Fred Jones is 74 and runs a company with his son Dan. Fred is healthy and has no immediate plans to retire, but he is nonetheless beginning to think about the future of his business, and about making plans in case the worst should happen.
Fred has a self-invested personal pension (SIPP) worth £700,000, including a 35% share in his company’s business premises worth £140,000.
The remainder of the property is owned by his son Dan and daughter Julia in their own SIPPs. Julia has her own business and has no further involvement with Fred and Dan’s company beyond her share of the premises.
Dan’s son Alfie has been working for the firm for a couple of years and is interested in running it with his father when the time comes for Fred to step aside. Fred and Dan have already agreed that Dan will increase his share of the property ownership over the coming years by gradually purchasing Fred’s share; they’ve already confirmed with their SIPP provider that this is possible.
However, Fred would also like to make sure that on his death, any remaining share he still holds is passed to Alfie.
Fred and his wife Margaret have already discussed leaving their pensions to their three grandchildren (Dan’s children, Alfie and Paula, and Julia’s daughter, Flo), as their children are both reasonably comfortable financially and will also inherit from the couple’s non-pension assets. However, Fred would also like to make sure that Margaret could access some of his pension funds if she needed them at the time.
Fred is unsure how to capture all of these considerations on an expression of wishes. He is aware that it’s possible to complete an expression of wishes as a letter but feels that he would prefer to use his provider’s form if at all possible.
Fred calls his provider to discuss whether his plans are possible. He speaks to a representative, Oliver, and explains that ideally:
- Alfie would receive Fred’s remaining share of the property, although he doesn’t know how much that will be at the time
- The remaining funds would be available to Margaret if she needs them
- If Margaret does not need the funds (which is the most likely scenario), Fred would like those funds to be split between Paula and Flo.
Firstly, Oliver reassures Fred that everything he’s looking to achieve is possible using the provider’s expression of wishes form; it will just require a bit of annotation. He then addresses each of Fred’s points in turn.
Oliver explains that most providers’ expressions of wishes forms, including theirs, will ask for the percentage of the pension to be assigned to each beneficiary as standard. However, as long as a provider is able to pass down assets to beneficiaries (rather than requiring all assets to be sold for the beneficiaries to receive cash), then it should be possible to assign specific assets to a beneficiary instead. Oliver confirms that Fred can still use the expression of wishes form and simply make a note to confirm his wish for Alfie to receive the property rather than a percentage.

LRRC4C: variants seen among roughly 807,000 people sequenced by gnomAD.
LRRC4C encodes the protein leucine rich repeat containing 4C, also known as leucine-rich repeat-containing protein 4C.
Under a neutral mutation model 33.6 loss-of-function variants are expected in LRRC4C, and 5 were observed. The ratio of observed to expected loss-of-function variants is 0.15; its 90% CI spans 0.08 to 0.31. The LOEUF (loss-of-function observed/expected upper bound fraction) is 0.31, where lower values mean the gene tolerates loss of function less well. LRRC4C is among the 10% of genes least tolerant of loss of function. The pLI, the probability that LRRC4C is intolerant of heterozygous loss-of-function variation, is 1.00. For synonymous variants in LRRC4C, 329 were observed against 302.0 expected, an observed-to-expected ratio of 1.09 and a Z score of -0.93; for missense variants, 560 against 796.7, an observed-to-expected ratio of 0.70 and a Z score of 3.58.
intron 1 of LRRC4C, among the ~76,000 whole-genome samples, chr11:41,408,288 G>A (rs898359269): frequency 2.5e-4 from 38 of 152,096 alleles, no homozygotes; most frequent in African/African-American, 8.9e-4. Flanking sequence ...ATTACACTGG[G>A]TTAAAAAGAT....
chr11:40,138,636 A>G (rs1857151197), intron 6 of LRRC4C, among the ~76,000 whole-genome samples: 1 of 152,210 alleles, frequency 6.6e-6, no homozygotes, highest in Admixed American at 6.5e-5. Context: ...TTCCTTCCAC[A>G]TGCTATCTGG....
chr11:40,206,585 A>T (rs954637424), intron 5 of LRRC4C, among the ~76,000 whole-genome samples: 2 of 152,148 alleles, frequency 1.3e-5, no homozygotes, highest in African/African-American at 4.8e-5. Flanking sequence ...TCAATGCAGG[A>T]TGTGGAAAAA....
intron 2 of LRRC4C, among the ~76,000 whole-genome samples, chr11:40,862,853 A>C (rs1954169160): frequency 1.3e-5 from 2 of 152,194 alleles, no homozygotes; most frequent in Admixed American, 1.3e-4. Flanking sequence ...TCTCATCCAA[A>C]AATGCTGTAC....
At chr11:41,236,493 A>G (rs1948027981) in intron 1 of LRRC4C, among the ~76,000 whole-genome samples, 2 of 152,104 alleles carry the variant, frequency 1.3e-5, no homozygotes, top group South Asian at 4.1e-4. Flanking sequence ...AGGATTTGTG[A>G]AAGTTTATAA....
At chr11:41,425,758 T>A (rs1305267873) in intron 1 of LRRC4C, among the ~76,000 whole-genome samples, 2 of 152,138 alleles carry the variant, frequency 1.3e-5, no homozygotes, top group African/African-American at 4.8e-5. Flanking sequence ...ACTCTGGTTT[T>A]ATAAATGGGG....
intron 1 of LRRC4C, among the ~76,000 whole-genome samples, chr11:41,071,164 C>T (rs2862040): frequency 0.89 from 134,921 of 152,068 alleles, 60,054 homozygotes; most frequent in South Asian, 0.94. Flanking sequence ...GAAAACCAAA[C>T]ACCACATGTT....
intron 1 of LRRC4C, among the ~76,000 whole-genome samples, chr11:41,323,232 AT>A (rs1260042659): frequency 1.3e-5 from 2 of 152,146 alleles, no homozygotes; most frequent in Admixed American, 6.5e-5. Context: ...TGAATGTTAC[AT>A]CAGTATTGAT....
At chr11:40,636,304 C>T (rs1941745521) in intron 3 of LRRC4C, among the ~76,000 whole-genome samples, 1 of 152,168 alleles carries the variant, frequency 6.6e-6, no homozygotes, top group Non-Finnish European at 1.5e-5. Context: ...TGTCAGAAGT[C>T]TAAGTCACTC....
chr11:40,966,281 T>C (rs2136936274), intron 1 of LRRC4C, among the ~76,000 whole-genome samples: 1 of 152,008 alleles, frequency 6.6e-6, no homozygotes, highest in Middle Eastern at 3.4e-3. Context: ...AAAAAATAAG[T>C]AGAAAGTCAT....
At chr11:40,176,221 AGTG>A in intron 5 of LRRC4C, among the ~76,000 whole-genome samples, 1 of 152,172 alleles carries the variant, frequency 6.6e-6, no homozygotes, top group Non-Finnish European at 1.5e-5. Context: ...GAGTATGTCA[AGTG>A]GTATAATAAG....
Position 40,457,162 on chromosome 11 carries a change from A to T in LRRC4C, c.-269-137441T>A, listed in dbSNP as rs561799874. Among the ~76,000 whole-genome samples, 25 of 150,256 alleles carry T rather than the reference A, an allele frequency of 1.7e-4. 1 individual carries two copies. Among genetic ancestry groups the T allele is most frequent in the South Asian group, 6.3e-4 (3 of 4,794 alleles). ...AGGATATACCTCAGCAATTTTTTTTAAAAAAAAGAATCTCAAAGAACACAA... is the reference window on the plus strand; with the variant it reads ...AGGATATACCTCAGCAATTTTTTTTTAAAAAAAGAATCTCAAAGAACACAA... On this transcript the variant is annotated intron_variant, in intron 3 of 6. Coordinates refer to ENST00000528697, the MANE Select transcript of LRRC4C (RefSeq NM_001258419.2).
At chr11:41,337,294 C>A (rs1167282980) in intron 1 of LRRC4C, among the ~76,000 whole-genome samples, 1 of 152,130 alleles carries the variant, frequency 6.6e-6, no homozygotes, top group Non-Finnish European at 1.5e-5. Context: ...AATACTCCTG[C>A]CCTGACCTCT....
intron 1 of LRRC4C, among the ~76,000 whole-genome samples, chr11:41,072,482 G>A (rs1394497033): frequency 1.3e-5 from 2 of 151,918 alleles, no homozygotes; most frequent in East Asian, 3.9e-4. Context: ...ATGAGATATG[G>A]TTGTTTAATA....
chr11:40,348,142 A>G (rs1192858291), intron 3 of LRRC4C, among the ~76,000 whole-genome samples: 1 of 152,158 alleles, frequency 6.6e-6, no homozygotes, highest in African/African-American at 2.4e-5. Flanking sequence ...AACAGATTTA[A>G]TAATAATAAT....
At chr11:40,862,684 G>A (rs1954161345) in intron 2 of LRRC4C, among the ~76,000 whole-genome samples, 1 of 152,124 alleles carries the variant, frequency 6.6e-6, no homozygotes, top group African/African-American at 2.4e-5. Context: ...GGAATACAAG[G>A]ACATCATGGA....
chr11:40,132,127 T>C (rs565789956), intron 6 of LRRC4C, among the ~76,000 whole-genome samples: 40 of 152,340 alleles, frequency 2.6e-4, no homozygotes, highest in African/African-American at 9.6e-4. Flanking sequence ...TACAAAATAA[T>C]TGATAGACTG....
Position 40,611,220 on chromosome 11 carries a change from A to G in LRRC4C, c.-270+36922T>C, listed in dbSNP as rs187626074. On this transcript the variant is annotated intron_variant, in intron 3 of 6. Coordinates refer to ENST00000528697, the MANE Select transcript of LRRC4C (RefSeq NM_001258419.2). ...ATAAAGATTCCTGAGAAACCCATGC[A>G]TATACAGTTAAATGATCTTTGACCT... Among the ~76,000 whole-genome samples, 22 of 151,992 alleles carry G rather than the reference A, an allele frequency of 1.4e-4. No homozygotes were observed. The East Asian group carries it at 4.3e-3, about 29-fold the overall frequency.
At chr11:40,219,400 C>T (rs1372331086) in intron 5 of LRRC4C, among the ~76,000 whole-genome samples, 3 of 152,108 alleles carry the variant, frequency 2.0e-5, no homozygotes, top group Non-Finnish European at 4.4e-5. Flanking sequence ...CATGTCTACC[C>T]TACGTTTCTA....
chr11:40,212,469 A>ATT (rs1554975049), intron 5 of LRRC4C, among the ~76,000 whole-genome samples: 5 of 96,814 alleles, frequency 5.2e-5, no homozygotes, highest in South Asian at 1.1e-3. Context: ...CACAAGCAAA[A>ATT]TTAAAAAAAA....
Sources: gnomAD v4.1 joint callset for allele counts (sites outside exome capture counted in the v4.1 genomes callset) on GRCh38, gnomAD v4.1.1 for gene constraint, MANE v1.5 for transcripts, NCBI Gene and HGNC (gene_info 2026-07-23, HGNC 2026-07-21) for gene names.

Oliver then addresses the plans for the remaining funds. Fred has made it clear that he is almost sure Margaret won’t need the funds, but doesn’t want her to be caught out if something unforeseen happens. He trusts that she would only accept funds if she had a true need for them, as they’ve both discussed their desire to provide for their grandchildren.
Oliver explains that there is a section on their form for ‘alternative’ beneficiaries, which the provider would look to use if the main expression of wishes could not be followed. Therefore Fred could achieve his aim by listing Margaret alongside Alfie as one of his main beneficiaries (to receive everything except the commercial property), and listing Paula and Flo in the alternative beneficiaries section. This would give Margaret the opportunity to accept any funds she may need, and in the likely event that she will not require any, the administrator would then look to pay out those funds according to the alternative beneficiaries section instead.
Oliver adds that this section also allows Fred to specify how to split the benefits between Paula and Flo. This is welcome news to Fred: both of his granddaughters are self-employed but Paula is much further along with her career and he would like to provide greater support to Flo.
Fred asks if he should also make it clear on the form that if Margaret turns down her share, Alfie should still receive the property and it is only Margaret’s share which should go to Paula and Flo. Oliver says that this is how the administrator would normally interpret the form; however, it never hurts to provide additional information for the avoidance of all doubt. If anyone were to question the administrator’s decision, clear evidence about Fred’s intentions can help resolve this as quickly as possible.
Following his conversation with Oliver, Fred is happy that he can complete the expression of wishes form to reflect his intentions. He lists Alfie and Margaret as his main beneficiaries, with Alfie to receive the property and Margaret to receive the remaining funds. He then lists Paula and Flo as alternative beneficiaries to receive 35% and 65% respectively of any funds passed to them.
Fred is confident that his family all understand his intentions as he has discussed this with them, but nonetheless decides that it can’t hurt to include the extra annotations on the form as well.
Fred will make sure he updates his expression of wishes if his circumstances change. However, he’s also pleased that the way the distributions are confirmed on the form means he won’t need to update it as Dan gradually purchases Fred’s share of the property going forward.
This case study is part of Curtis Banks’s ‘Meet the Joneses’ series of intergenerational case studies.
Jessica List is pension technical manager at Curtis Banks